At first, it’s understandable that many investors will be wary when looking to add banking shares to their shopping list. There are a lot of risks that come with these purchases, but with the markets’ current high volatility, investors are facing challenging uphill battles at each opening call.
Here’s a look at some promising banking stocks investors could perhaps consider right now.
Goldman Sachs (NYSE:GS) might have endured rough Q2 earnings compared to its competitors in the market, but investors were pleased to see both its top and bottom lines beat expectations. What else could one expect from one of America’s largest banks, as GS has been trading fairly well in recent months with attractive valuations.
Depending on whichever way you’d like GS to move, investors who are adding Goldman to their portfolios are looking more towards a long-term hold on its current position. Goldman Sachs is designed to make money regardless of macroeconomic conditions. This means that although the investment and banking giant saw banking fee revenue drop by 41%, its fixed income trading revenue was still up by more than 55%.
Bank of America
Investors were quite pleased with Bank of America’s (NYSE:BAC) second quarter performance, beating analysts' revenue expectations, as the bank posted revenue of more than $23.2 billion. Initially, analysts predicted $23.1 billion in revenue and $0.75 earnings per share (EPS), which came out at $0.80 EPS.
BAC shares are down roughly 24% this year, but many investors are still quite bullish over the bank's performance as inflation caused major headwinds for financial institutions.
For seasoned investors, BAC is perhaps a more reasonable purchase in current macro conditions, as it’s well-priced, and still heavily backed by both Warren Buffet and Berkshire Hathaway.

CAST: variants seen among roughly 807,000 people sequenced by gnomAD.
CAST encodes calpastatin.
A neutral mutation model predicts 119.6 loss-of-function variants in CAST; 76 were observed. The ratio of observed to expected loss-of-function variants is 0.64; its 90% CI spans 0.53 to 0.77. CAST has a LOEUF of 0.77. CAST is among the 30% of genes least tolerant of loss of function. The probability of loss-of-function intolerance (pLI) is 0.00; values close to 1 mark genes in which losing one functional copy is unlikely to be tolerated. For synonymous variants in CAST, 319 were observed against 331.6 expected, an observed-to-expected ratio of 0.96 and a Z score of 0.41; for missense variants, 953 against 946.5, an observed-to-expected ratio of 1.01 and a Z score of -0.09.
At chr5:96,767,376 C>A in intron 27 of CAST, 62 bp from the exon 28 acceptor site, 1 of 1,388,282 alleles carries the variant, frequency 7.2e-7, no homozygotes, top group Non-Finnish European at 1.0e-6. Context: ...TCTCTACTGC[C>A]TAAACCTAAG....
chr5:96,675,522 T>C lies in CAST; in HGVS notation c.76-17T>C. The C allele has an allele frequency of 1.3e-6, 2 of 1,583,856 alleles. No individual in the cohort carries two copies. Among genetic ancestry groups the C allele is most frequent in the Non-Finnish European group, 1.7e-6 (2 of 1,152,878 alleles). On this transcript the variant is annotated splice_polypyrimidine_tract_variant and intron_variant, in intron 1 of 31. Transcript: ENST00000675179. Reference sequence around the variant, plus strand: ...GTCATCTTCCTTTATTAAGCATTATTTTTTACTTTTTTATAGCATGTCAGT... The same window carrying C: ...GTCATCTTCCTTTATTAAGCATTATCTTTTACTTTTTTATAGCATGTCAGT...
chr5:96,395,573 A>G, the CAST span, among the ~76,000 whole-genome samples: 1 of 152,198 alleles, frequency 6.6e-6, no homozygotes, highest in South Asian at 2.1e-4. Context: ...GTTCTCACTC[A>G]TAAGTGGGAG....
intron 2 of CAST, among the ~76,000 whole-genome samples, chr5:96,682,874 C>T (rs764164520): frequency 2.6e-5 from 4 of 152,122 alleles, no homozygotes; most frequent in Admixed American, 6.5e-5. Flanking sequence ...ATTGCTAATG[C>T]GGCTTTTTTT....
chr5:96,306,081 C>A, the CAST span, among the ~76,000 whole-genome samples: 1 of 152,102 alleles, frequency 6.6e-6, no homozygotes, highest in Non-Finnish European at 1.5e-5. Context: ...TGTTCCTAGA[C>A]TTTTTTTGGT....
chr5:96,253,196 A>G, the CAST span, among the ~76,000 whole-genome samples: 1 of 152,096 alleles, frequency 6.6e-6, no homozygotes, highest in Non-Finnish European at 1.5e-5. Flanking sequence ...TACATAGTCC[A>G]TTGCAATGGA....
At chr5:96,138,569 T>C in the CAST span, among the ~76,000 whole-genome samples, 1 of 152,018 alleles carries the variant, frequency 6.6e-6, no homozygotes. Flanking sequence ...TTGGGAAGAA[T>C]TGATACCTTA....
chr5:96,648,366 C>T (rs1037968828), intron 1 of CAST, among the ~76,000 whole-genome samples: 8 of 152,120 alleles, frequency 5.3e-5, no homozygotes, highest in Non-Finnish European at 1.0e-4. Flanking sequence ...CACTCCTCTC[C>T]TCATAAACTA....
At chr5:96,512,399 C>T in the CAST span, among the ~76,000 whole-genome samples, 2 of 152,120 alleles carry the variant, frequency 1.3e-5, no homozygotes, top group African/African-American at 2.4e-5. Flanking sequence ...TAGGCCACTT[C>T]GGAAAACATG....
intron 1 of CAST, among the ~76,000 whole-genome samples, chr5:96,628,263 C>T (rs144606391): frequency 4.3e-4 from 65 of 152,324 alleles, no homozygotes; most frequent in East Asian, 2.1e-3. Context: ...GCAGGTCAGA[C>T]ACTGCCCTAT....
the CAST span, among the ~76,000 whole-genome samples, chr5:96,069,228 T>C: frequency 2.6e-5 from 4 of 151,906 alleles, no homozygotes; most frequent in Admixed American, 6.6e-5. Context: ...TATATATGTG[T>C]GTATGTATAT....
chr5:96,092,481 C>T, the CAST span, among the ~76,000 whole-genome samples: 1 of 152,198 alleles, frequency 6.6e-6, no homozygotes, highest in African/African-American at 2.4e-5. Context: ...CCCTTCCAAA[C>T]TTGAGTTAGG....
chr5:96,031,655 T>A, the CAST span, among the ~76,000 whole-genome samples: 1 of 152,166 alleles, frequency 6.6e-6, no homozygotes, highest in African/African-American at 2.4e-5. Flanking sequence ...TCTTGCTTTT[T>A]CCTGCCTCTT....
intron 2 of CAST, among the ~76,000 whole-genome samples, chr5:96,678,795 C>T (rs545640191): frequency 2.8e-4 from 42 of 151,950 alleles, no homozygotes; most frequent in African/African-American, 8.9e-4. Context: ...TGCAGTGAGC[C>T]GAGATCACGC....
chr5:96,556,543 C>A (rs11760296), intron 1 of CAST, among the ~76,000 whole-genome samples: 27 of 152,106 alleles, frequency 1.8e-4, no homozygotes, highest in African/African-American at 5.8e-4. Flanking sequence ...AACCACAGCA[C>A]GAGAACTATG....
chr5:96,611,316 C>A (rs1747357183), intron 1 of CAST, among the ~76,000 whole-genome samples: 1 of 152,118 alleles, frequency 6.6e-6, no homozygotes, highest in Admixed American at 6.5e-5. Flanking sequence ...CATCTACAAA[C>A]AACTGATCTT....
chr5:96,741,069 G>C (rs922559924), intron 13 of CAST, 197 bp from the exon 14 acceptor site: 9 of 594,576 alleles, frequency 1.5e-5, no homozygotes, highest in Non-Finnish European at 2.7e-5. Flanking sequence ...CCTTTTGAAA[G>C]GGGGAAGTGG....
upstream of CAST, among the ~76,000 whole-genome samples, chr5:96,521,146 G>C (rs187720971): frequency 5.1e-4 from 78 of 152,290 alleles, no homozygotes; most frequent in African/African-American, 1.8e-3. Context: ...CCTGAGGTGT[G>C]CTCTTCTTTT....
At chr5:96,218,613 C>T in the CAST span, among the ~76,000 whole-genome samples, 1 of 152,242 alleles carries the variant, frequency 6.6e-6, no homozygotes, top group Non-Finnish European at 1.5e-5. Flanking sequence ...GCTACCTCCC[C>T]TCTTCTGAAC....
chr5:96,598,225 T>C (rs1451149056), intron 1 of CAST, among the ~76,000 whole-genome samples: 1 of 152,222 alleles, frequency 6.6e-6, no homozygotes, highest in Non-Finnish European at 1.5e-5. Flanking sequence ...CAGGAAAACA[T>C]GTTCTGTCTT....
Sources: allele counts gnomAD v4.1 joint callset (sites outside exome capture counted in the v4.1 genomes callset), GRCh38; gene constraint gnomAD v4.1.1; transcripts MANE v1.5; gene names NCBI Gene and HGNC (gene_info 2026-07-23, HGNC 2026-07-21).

Analysts were a bit discouraged by the bank’s first quarter performance, as earnings showed the bank seeing profits drop by 20.8% to $3.67 billion. Further predictions also didn’t meet analysts' expectations, with revenue closing at $17.59 billion, lower than the predicted $17.8 billion.
These aren’t the most promising figures to prove WFC's worth in the broader market, but investors are still looking to snag up Wells Fargo shares, as analysts have been increasing their price target for WFC by more than 40% this year. WFC brings a bit more volatility than other banking shares, but there’s still some potential left that investors can look to ride out.
During post-earnings, shares of Citigroup rallied by more than 13%, the biggest in the bank’s post-earnings stock gain in more than 20 years.
Analysts estimated $1.68 EPS, but Citigroup came out on top with $2.19 EPS. Revenue was also higher than estimates, with Q2 revenue surpassing the $18.22 billion expected to $19.64 billion.
The bank has shown its resilience, even as the broader market has been sinking, and investors remain bearish.
It’s a scary thought to have right now, and investors are taking major risks if not recession-proofing their portfolios. Regardless of where the next few months may lead, it’s clear that banking shares could perhaps offer a safe haven if the economy suddenly turns sour.
It’s important to keep in mind that there are both good and bad sides to banking shares, no matter how well you think you may know the market. There’s increasing volatility presenting itself, which has only made it more challenging to navigate the tumultuous conditions.
Whether you’re a big supporter of banking shares or not, consider how these purchases could add value, and have the potential to grow in the long term.